A Record Can Be a Madeleine

I came across a snippet of an interview with William Shatner whose latest memoir, Boldly Go: Reflections on a Life of Awe and Wonder, came out last October. In the article ninety-three-year-old Shatner said soemthing along the lines of, “We’re here and then we’re gone. I  mean, who even remembers Danny Kaye any more?”

That got my dander up. I remember Danny Kaye!  Fondly. Dearly. Not necesssarily for his movies or that sui generis rapid fire partee.  No, I have had a special place in my heart since I was four years old.  My mother bought a children’s record album of his that came out in 1960. Danny Kaye retells six stories from around the world. In one, a young girl becomes a maid for an eccentric man who calls his cat White Faced Siminee and his house High Topper Mountain.  Sixty-three years later I can still recite the final line of this story. The stingy close-hearted protagonist in Nail Broth learns to share. In a tale from Russia, a wealthy egocentric home-owner learns the value of modest living. A daft father-to-be consults with the village wise man whose answers even a four-year-old could figure out.  Each story had its own musical composition which deepened the magic of each of the tales.

Shatner’s comment about no one remembering Danny Kaye set me on a search to find this album if I could. I  had kept my copy for decades and even played it a few times for Elliot and Emma when they were young but somewhere along the way it vanished. Google to the rescue.  A pristine copy arrived in the mail last week, the red cover as vibrant as I remembered it. The record, within its pristine white sleeve, was flawless. Slightly giddy with anticipation I centered the record on the platter and watched as the tone arm found its groove.

Danny Kaye’s voice was just as I had remembered it — warm, light, rich with all sorts of cadences and accents. The words of each story came flooding back to me as did images of the Atlanta apartment we lived in at the time. I was my four-year-old self again, sitting on the floor completely caught up in my imaginings as Kaye told  his tales.

Olivia and Leah are coming next week. I hope they’ll enjoy the record even half as much as I did. Danny Kaye just might be will be remembered deep into the 21st century.

*Master of All Masters!  get out of your barnacle and put on your squibbs and crackers for White-Faced Siminee has gotten a spark on her whiskers and if you do not get some pundalorem soon, all of High Topper Mountain will be on hot cocolorem.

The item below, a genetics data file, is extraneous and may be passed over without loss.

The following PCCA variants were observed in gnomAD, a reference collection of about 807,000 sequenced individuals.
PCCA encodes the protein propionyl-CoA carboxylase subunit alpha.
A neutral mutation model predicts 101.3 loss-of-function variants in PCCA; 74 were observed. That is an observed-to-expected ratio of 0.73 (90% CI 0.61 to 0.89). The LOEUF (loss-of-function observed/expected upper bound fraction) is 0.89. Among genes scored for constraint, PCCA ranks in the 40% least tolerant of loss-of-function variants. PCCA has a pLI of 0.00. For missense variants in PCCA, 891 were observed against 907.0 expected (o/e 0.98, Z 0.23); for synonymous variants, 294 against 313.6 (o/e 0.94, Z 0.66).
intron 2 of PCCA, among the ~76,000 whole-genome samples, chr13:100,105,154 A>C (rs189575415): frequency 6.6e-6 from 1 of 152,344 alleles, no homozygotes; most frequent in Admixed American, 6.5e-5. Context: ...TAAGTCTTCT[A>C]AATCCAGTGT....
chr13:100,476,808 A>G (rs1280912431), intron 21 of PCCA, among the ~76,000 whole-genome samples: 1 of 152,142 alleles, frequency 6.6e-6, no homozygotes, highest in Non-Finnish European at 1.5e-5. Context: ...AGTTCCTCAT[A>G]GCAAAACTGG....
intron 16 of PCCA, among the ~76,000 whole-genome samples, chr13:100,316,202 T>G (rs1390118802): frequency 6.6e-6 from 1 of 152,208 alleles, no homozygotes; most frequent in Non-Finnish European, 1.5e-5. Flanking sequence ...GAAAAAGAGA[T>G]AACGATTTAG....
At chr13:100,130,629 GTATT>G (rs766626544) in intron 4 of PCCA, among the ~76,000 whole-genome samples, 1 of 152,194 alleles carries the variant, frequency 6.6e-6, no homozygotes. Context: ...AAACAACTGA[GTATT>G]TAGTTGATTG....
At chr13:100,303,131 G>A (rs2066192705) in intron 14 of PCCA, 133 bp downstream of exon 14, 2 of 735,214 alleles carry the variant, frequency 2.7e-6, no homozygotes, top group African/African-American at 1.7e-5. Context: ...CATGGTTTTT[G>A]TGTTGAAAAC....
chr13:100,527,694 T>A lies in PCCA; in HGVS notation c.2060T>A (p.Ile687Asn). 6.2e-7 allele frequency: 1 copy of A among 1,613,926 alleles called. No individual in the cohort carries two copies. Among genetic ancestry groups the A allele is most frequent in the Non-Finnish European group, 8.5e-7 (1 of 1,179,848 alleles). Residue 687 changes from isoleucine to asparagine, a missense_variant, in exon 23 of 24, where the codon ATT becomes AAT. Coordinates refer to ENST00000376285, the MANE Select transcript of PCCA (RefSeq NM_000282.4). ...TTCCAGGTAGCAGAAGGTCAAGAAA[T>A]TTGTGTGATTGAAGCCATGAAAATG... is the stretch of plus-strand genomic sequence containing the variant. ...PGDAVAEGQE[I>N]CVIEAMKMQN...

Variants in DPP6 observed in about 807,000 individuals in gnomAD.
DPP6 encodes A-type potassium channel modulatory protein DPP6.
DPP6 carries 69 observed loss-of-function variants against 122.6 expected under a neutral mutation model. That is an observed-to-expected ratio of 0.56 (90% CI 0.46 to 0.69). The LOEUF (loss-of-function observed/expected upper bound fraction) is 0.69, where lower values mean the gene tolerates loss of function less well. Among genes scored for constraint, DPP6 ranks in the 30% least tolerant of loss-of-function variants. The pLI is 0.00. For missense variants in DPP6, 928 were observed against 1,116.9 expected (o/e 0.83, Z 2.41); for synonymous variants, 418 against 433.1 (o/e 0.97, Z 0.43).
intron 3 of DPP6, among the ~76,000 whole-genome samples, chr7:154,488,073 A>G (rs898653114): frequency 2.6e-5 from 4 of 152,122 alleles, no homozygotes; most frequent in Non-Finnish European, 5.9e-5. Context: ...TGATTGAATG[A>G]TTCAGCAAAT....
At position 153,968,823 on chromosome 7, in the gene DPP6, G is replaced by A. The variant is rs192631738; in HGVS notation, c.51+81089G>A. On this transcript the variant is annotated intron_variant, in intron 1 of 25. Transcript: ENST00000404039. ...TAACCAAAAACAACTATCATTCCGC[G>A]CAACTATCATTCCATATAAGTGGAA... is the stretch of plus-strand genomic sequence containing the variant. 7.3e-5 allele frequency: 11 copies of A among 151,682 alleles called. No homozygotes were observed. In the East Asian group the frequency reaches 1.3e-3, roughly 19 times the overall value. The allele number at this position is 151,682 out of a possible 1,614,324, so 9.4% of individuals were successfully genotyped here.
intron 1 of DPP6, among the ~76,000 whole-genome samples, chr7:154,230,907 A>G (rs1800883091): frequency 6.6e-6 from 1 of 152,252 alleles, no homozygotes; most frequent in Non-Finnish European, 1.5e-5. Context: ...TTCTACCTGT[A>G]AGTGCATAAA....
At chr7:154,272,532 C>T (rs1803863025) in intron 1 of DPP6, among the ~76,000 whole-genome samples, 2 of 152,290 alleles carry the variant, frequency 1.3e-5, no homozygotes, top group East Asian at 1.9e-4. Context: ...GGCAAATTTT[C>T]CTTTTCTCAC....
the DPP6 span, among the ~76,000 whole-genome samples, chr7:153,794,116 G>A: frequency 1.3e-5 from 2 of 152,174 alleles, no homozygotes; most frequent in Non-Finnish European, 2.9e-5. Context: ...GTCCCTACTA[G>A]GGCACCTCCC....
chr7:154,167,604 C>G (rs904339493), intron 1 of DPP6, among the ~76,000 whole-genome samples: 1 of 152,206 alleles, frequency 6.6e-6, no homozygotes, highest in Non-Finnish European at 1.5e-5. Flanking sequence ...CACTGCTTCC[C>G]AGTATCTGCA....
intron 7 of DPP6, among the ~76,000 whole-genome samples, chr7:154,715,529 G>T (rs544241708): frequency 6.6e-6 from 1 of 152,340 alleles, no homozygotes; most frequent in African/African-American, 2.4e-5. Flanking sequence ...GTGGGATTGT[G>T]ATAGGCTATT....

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Three Guesses

Each month, Martin’s photography club assigns a new challenge.  This month they were to take a walk around town and capture abstraction in the mundane.

I’ve said it before and I’ll say it here again, I love to see the world through Martin’s eyes.  This one (have you guessed it yet?) took my breath for a moment or two and then again when I figured out what he had photographed. Don’t stop, Martin.  Don’t ever stop showing us the world as you see it.

photo credit: Martin Darvick

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What Does Patience Mean?

The Hebrew word for patience is סבלנות, pronounced sav•la•noot I learned the word when my brother was in nursery school; it seemed the teacher used the word with him in those days.  I had occasion to use it with three-year-old Leah recently when she got into the loop of asking when we were going to the park. “Soon,” “When Grandpa gets back,” “After your nap,” did nothing to short circuit the loop. When three-year olds want something they want it NOW!  (So do 67-year-olds but we’ve learned to curb the agitation. Outwardly, anyway.)

Thinking back to my brother  I said, “Savlanut, Leah.  Have a little savlanut.” I could have been offering her a plate of spanikopita for all she knew. “Do you know what savlanut is, Leah?”  She looked up and me and replied, “God?” Out of the mouths of babes.

Leah sensed I was using a Hebrew word, and she knew that Hebrew had to do with synagogue and synagogue had to do with God. It was a perfectly logical guess. I love it when my children’s and grandchildren’s innate leaps of wisdom stop me in my tracks. They cut away all the clutter and get right to the essence. Jewish tradition holds that there are seventy names for God among them: Shepherd, Healer of the Sick, Master of the Universe. Why not Patience?